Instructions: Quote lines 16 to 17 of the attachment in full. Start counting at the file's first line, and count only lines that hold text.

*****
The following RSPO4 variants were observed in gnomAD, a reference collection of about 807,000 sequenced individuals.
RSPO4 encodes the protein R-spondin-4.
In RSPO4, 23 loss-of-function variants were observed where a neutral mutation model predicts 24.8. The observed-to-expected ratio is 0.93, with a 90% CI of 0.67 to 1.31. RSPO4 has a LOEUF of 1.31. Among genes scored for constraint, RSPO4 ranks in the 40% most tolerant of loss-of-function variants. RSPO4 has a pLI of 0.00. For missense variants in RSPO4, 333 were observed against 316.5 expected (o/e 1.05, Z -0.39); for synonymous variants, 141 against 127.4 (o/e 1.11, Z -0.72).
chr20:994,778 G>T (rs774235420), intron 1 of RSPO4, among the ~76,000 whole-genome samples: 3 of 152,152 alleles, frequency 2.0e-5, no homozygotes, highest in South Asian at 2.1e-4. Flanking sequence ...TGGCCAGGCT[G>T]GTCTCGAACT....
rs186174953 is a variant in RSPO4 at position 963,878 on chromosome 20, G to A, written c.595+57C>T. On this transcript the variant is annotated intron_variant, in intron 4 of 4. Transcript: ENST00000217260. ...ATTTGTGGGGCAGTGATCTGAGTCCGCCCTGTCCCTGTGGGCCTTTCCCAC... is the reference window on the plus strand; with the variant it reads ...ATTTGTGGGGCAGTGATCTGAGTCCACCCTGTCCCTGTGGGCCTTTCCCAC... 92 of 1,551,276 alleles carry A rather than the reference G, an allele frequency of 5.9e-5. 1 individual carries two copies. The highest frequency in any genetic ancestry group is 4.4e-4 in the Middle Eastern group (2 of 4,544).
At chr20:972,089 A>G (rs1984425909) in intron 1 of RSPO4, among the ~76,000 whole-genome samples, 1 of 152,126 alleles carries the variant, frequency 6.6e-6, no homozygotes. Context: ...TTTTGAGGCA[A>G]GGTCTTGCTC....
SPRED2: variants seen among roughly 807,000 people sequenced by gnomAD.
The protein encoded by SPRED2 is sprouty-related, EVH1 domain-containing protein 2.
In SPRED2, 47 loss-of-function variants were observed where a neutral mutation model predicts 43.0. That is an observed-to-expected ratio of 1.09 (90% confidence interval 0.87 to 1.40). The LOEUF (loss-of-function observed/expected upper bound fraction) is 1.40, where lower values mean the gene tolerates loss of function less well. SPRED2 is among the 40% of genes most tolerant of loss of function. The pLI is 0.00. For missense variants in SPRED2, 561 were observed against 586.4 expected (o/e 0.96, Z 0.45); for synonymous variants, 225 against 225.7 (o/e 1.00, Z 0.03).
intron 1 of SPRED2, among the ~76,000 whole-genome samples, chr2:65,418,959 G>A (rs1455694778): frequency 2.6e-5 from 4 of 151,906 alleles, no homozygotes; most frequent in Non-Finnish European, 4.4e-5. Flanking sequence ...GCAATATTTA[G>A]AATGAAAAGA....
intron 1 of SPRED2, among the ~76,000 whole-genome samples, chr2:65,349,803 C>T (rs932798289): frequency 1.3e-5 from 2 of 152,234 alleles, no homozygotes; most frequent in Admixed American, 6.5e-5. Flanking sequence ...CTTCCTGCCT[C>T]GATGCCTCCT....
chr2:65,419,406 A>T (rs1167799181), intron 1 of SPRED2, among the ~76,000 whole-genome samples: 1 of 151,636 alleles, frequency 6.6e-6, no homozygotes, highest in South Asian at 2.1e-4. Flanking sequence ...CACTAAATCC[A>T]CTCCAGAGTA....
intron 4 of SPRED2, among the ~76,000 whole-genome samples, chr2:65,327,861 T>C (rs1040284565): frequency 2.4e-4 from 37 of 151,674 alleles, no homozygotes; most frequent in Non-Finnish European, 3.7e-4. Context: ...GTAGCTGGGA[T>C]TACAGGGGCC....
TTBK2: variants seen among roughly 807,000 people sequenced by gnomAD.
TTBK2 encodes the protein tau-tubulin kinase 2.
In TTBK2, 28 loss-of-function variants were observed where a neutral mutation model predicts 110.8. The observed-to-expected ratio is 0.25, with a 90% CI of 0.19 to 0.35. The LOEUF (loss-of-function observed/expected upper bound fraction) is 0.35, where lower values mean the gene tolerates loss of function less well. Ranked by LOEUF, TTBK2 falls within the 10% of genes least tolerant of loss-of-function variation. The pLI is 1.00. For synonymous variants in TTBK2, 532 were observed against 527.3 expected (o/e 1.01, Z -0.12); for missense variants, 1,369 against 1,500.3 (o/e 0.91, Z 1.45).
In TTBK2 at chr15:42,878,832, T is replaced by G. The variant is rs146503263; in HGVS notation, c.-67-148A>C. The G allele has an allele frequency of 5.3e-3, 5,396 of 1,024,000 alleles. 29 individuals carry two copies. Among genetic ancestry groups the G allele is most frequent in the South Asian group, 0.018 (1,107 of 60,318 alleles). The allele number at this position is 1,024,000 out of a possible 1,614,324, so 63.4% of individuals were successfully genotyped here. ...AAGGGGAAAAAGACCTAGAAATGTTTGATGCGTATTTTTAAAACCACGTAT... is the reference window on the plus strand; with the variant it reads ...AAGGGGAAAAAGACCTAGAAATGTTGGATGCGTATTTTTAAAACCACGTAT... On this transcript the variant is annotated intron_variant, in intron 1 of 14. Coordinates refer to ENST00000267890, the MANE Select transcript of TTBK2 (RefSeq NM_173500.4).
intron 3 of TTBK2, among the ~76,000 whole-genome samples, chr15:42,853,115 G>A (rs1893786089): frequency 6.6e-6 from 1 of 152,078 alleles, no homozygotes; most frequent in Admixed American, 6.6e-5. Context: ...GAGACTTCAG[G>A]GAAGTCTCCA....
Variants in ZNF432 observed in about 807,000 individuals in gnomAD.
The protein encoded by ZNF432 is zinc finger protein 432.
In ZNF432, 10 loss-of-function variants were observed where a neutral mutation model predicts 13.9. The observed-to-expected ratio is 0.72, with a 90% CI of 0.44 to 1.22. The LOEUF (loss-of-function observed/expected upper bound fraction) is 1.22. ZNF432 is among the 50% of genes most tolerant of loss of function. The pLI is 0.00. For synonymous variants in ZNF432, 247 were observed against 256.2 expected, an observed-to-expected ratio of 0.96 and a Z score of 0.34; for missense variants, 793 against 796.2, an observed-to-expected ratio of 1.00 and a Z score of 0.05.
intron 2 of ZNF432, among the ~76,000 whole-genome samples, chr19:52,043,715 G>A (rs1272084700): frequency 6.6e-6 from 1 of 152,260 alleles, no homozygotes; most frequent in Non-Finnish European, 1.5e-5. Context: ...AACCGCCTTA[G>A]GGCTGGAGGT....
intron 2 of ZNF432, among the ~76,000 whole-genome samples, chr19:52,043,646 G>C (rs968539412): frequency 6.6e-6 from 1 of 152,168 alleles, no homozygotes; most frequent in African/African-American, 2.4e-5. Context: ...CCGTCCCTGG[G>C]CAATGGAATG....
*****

In TTBK2, 28 loss-of-function variants were observed where a neutral mutation model predicts 110.8. The observed-to-expected ratio is 0.25, with a 90% CI of 0.19 to 0.35. The LOEUF (loss-of-function observed/expected upper bound fraction) is 0.35, where lower values mean the gene tolerates loss of function less well. Ranked by LOEUF, TTBK2 falls within the 10% of genes least tolerant of loss-of-function variation. The pLI is 1.00. For synonymous variants in TTBK2, 532 were observed against 527.3 expected (o/e 1.01, Z -0.12); for missense variants, 1,369 against 1,500.3 (o/e 0.91, Z 1.45).
In TTBK2 at chr15:42,878,832, T is replaced by G. The variant is rs146503263; in HGVS notation, c.-67-148A>C. The G allele has an allele frequency of 5.3e-3, 5,396 of 1,024,000 alleles. 29 individuals carry two copies. Among genetic ancestry groups the G allele is most frequent in the South Asian group, 0.018 (1,107 of 60,318 alleles). The allele number at this position is 1,024,000 out of a possible 1,614,324, so 63.4% of individuals were successfully genotyped here. ...AAGGGGAAAAAGACCTAGAAATGTTTGATGCGTATTTTTAAAACCACGTAT... is the reference window on the plus strand; with the variant it reads ...AAGGGGAAAAAGACCTAGAAATGTTGGATGCGTATTTTTAAAACCACGTAT... On this transcript the variant is annotated intron_variant, in intron 1 of 14. Coordinates refer to ENST00000267890, the MANE Select transcript of TTBK2 (RefSeq NM_173500.4).